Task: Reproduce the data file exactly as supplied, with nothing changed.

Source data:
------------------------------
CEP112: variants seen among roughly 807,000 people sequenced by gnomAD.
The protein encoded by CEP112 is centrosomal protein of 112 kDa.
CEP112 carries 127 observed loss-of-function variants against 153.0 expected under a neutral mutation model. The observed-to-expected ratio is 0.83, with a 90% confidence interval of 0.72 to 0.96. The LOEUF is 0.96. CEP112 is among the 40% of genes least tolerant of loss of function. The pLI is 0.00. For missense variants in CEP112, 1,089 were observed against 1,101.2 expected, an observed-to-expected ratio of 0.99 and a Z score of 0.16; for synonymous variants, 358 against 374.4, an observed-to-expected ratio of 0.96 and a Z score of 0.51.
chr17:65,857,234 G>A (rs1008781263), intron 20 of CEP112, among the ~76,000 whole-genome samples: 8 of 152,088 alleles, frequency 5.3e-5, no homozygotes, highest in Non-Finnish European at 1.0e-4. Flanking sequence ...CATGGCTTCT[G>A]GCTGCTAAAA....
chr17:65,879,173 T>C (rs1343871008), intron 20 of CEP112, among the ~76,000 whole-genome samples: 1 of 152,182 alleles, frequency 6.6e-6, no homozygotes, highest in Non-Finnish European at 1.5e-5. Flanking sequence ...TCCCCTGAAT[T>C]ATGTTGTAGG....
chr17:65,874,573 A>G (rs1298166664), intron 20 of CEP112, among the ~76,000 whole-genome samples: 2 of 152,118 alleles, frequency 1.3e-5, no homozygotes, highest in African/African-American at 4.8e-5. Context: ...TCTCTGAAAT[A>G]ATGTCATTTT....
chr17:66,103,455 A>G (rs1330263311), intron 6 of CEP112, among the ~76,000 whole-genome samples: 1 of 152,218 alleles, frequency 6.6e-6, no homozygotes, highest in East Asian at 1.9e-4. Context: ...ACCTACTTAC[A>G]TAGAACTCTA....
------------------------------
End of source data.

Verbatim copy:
CEP112: variants seen among roughly 807,000 people sequenced by gnomAD.
The protein encoded by CEP112 is centrosomal protein of 112 kDa.
CEP112 carries 127 observed loss-of-function variants against 153.0 expected under a neutral mutation model. The observed-to-expected ratio is 0.83, with a 90% confidence interval of 0.72 to 0.96. The LOEUF is 0.96. CEP112 is among the 40% of genes least tolerant of loss of function. The pLI is 0.00. For missense variants in CEP112, 1,089 were observed against 1,101.2 expected, an observed-to-expected ratio of 0.99 and a Z score of 0.16; for synonymous variants, 358 against 374.4, an observed-to-expected ratio of 0.96 and a Z score of 0.51.
chr17:65,857,234 G>A (rs1008781263), intron 20 of CEP112, among the ~76,000 whole-genome samples: 8 of 152,088 alleles, frequency 5.3e-5, no homozygotes, highest in Non-Finnish European at 1.0e-4. Flanking sequence ...CATGGCTTCT[G>A]GCTGCTAAAA....
chr17:65,879,173 T>C (rs1343871008), intron 20 of CEP112, among the ~76,000 whole-genome samples: 1 of 152,182 alleles, frequency 6.6e-6, no homozygotes, highest in Non-Finnish European at 1.5e-5. Flanking sequence ...TCCCCTGAAT[T>C]ATGTTGTAGG....
chr17:65,874,573 A>G (rs1298166664), intron 20 of CEP112, among the ~76,000 whole-genome samples: 2 of 152,118 alleles, frequency 1.3e-5, no homozygotes, highest in African/African-American at 4.8e-5. Context: ...TCTCTGAAAT[A>G]ATGTCATTTT....
chr17:66,103,455 A>G (rs1330263311), intron 6 of CEP112, among the ~76,000 whole-genome samples: 1 of 152,218 alleles, frequency 6.6e-6, no homozygotes, highest in East Asian at 1.9e-4. Context: ...ACCTACTTAC[A>G]TAGAACTCTA....